Iowa’s largest utilities have dramatically scaled back efforts to help customers conserve energy since a 2018 law gutted the state’s efficiency requirements. Dire predictions about the legislation’s impact have largely come true, with combined energy savings of the state’s two largest utilities falling more than 50% since lawmakers voted to limit spending on efficiency programs.
State Sen. Rob Hogg, a Cedar Rapids Democrat who voted against the legislation, acknowledged that utilities faced other hurdles last year, such as the pandemic and a freak wind storm that caused widespread damage across the state. Still, he doesn’t see them as major factors for the decline in energy conservation.
“I don’t think there’s any question that the primary problem here was a change in the law,” Hogg said.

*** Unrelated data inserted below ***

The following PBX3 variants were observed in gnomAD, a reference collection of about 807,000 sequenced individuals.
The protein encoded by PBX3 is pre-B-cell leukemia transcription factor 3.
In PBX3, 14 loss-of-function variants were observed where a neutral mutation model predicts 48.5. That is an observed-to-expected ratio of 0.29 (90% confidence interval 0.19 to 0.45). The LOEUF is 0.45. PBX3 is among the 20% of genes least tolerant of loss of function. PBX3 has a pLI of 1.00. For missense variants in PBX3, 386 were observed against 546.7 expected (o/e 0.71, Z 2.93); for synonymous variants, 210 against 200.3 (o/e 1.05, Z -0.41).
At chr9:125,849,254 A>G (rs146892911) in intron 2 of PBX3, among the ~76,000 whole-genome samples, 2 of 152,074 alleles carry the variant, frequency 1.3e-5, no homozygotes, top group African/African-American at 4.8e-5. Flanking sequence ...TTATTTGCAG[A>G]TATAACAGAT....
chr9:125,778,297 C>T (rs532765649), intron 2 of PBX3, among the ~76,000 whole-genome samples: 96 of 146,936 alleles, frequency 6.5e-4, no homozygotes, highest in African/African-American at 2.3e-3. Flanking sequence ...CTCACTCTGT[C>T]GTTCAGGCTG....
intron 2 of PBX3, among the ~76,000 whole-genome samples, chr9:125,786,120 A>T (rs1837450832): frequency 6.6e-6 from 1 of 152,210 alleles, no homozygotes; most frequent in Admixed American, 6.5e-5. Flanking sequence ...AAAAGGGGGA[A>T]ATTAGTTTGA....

In particular, the spending caps are “the clearest rationale for why this happened,” said Nick Dreher, policy director for the Midwest Energy Efficiency Alliance. The bill prohibited state regulators from requiring utilities to spend more than 2% of expected electric revenue or 1.5% of expected natural gas revenue on efficiency programs.
“There are measures that are more expensive to run but produce greater savings,” Dreher said. “You’re left with measures that are less expensive but don’t produce the deeper energy savings.”
Calling energy efficiency “the quickest, cheapest and cleanest way to deal with greenhouse gases,” Hogg said he believes his colleagues in the legislature need to reevaluate the changes they made in 2018.